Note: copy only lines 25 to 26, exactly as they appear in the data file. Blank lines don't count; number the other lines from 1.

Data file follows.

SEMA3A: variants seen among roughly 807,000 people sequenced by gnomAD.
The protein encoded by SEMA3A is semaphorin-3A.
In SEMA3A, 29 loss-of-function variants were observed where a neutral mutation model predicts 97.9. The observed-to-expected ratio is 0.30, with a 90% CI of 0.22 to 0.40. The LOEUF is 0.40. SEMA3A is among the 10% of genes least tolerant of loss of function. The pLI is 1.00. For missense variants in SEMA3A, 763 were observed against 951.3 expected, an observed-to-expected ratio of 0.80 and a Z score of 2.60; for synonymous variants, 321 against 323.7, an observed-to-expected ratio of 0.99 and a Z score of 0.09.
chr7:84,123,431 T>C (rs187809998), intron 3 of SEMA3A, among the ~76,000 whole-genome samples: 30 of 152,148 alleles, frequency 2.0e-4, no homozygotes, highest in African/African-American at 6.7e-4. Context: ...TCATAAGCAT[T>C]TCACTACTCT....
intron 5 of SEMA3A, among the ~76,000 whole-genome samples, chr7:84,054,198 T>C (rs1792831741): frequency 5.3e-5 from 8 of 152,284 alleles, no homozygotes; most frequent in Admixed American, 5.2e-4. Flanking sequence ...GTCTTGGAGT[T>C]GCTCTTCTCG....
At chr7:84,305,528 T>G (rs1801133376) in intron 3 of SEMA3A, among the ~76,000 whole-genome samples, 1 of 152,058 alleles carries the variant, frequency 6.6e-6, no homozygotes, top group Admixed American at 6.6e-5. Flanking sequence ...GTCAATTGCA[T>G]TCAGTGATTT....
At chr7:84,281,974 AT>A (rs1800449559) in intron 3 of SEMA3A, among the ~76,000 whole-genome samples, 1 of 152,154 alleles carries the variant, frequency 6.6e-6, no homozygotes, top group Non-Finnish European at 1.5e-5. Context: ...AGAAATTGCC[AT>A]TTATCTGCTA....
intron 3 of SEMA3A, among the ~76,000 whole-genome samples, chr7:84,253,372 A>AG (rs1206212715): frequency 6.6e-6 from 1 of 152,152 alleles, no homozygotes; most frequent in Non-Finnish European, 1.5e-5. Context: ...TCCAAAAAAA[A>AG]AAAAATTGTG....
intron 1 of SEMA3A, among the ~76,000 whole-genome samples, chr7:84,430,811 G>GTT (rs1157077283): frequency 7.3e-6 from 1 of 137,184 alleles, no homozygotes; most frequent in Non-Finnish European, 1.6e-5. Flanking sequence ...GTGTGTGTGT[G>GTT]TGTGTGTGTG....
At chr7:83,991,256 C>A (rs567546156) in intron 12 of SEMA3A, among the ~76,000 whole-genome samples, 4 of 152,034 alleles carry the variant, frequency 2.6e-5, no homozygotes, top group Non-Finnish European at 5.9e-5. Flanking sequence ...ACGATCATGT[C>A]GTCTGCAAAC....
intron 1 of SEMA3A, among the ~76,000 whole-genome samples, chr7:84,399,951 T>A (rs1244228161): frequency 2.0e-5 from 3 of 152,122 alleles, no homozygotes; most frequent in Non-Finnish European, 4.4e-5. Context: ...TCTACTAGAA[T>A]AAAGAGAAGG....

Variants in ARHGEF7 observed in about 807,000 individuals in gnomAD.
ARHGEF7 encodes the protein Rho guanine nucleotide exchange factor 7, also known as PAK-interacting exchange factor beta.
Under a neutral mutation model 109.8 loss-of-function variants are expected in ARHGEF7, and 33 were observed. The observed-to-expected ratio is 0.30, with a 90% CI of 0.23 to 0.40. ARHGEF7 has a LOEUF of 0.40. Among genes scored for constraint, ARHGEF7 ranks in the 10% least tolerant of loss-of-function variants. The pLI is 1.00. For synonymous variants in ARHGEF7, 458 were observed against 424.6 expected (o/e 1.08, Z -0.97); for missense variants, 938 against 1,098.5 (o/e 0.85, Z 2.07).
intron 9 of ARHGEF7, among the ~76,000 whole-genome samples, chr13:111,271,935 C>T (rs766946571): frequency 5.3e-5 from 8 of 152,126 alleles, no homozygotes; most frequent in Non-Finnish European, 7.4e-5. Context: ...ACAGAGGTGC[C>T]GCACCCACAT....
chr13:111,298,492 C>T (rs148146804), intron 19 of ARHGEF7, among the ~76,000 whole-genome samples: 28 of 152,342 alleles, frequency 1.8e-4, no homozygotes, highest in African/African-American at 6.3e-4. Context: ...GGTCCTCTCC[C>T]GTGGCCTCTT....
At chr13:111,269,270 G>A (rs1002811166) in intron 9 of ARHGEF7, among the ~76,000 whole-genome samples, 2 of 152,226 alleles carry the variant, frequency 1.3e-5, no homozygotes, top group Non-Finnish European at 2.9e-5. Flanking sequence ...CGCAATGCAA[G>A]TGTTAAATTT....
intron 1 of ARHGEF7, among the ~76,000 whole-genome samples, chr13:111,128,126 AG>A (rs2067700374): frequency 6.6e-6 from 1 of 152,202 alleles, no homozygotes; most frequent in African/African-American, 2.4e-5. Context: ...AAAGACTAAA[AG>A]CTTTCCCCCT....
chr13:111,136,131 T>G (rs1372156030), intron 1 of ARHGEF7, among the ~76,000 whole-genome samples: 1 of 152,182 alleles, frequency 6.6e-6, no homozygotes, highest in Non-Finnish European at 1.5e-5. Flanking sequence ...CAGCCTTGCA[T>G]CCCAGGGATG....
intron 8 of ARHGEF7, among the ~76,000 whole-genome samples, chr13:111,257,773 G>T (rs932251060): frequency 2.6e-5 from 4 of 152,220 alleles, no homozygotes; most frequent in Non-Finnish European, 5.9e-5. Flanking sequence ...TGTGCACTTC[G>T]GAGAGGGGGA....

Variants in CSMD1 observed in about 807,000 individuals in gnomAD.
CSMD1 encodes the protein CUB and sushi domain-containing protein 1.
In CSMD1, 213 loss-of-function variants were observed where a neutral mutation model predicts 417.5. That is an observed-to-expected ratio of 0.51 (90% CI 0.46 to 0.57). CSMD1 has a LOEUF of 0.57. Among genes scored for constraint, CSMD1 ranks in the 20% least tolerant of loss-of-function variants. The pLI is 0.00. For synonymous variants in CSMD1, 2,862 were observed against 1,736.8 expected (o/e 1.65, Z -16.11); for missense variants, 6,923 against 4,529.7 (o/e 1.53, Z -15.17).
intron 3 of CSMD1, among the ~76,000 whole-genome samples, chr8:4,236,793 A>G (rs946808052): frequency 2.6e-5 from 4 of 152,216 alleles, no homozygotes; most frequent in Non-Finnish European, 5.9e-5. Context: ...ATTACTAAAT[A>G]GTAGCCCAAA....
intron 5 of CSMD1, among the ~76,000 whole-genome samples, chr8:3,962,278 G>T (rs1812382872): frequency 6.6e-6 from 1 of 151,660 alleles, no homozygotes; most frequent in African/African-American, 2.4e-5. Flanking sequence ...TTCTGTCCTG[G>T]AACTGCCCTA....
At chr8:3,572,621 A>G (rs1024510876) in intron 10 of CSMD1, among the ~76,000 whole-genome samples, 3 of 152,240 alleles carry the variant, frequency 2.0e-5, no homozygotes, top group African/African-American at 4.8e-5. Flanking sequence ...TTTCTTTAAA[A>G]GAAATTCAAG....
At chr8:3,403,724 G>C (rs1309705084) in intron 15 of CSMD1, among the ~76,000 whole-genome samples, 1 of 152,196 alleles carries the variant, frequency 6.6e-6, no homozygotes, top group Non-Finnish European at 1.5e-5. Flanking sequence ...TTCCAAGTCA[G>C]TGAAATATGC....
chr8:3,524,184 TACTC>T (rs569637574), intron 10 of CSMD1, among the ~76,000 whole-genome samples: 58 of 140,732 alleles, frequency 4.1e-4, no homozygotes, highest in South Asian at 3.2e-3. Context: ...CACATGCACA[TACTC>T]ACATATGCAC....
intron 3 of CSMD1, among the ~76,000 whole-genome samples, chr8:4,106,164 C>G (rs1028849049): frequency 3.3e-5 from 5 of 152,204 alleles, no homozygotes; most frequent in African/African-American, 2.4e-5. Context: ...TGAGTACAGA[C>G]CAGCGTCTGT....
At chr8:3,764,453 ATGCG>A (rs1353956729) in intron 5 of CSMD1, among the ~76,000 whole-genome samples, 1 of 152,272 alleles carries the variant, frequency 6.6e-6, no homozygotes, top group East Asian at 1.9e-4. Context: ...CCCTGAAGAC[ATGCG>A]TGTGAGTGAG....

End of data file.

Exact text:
intron 5 of CSMD1, among the ~76,000 whole-genome samples, chr8:3,962,278 G>T (rs1812382872): frequency 6.6e-6 from 1 of 151,660 alleles, no homozygotes; most frequent in African/African-American, 2.4e-5. Flanking sequence ...TTCTGTCCTG[G>T]AACTGCCCTA....
At chr8:3,572,621 A>G (rs1024510876) in intron 10 of CSMD1, among the ~76,000 whole-genome samples, 3 of 152,240 alleles carry the variant, frequency 2.0e-5, no homozygotes, top group African/African-American at 4.8e-5. Flanking sequence ...TTTCTTTAAA[A>G]GAAATTCAAG....